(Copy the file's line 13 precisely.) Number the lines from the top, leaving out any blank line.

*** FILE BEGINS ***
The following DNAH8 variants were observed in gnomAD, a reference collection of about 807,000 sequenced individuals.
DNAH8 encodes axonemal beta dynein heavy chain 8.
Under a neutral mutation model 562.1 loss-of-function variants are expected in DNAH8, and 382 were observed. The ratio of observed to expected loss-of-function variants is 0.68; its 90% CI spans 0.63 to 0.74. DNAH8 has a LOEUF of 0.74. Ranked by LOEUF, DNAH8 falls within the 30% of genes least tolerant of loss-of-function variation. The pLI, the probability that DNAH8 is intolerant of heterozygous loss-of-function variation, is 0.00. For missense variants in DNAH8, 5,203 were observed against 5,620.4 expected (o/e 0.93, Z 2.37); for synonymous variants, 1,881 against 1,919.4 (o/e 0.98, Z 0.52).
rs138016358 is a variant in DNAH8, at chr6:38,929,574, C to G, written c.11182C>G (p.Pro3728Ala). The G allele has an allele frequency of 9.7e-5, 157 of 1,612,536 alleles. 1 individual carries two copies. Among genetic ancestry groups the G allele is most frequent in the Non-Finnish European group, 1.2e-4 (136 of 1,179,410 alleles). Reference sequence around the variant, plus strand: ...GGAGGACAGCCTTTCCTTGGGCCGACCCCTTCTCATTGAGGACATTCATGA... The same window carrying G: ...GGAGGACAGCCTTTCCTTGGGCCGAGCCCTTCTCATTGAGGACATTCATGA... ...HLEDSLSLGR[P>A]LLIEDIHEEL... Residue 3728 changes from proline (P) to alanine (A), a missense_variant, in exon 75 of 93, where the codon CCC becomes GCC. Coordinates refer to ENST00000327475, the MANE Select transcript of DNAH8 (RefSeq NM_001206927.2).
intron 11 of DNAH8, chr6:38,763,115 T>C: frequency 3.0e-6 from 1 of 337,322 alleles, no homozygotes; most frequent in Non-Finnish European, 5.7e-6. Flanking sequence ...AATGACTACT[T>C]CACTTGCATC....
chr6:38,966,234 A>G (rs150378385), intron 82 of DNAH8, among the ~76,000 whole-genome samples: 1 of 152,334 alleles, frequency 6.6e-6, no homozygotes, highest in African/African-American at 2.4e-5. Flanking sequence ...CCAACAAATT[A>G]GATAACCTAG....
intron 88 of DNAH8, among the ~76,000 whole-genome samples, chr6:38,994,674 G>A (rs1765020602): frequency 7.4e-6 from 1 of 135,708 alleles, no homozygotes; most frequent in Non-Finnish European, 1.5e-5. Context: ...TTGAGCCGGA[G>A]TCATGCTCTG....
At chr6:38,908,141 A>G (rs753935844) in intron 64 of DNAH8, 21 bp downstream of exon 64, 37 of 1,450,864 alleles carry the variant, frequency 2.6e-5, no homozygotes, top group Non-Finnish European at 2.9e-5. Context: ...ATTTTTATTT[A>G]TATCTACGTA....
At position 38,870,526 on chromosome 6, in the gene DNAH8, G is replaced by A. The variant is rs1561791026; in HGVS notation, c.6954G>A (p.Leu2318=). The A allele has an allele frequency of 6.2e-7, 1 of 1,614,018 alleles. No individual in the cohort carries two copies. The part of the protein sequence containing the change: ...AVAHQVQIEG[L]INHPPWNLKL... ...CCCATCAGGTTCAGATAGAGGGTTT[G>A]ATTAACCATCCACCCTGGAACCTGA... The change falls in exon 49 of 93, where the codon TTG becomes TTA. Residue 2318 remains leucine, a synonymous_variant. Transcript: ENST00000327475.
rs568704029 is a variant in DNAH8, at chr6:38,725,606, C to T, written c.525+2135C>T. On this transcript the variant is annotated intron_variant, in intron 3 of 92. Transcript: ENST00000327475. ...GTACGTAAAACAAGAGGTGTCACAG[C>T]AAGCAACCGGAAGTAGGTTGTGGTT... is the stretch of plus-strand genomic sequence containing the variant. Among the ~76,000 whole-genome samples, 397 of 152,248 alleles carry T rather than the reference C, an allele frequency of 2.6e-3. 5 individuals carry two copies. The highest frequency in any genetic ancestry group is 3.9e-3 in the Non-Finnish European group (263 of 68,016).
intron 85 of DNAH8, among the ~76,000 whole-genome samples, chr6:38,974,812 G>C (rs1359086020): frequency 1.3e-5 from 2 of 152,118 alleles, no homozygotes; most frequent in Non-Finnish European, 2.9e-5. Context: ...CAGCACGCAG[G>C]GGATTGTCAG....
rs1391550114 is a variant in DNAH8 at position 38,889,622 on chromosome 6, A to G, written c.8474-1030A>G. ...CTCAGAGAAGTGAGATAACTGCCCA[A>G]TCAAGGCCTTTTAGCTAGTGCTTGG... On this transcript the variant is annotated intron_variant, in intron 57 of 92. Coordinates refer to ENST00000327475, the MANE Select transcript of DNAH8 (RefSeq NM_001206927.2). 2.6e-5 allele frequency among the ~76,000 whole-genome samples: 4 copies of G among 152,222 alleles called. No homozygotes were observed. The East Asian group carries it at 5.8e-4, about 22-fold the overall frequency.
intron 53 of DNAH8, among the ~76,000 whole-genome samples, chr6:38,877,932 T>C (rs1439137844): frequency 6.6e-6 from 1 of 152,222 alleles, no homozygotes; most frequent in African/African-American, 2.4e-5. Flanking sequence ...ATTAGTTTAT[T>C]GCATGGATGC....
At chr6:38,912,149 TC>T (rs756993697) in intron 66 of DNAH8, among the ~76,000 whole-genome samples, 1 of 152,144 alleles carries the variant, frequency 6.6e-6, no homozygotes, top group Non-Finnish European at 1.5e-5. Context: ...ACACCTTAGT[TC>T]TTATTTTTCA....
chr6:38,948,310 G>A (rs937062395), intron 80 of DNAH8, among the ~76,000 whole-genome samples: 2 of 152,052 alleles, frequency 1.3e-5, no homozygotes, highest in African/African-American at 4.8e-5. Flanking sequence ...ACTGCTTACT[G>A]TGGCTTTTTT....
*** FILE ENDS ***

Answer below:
intron 53 of DNAH8, among the ~76,000 whole-genome samples, chr6:38,877,932 T>C (rs1439137844): frequency 6.6e-6 from 1 of 152,222 alleles, no homozygotes; most frequent in African/African-American, 2.4e-5. Flanking sequence ...ATTAGTTTAT[T>C]GCATGGATGC....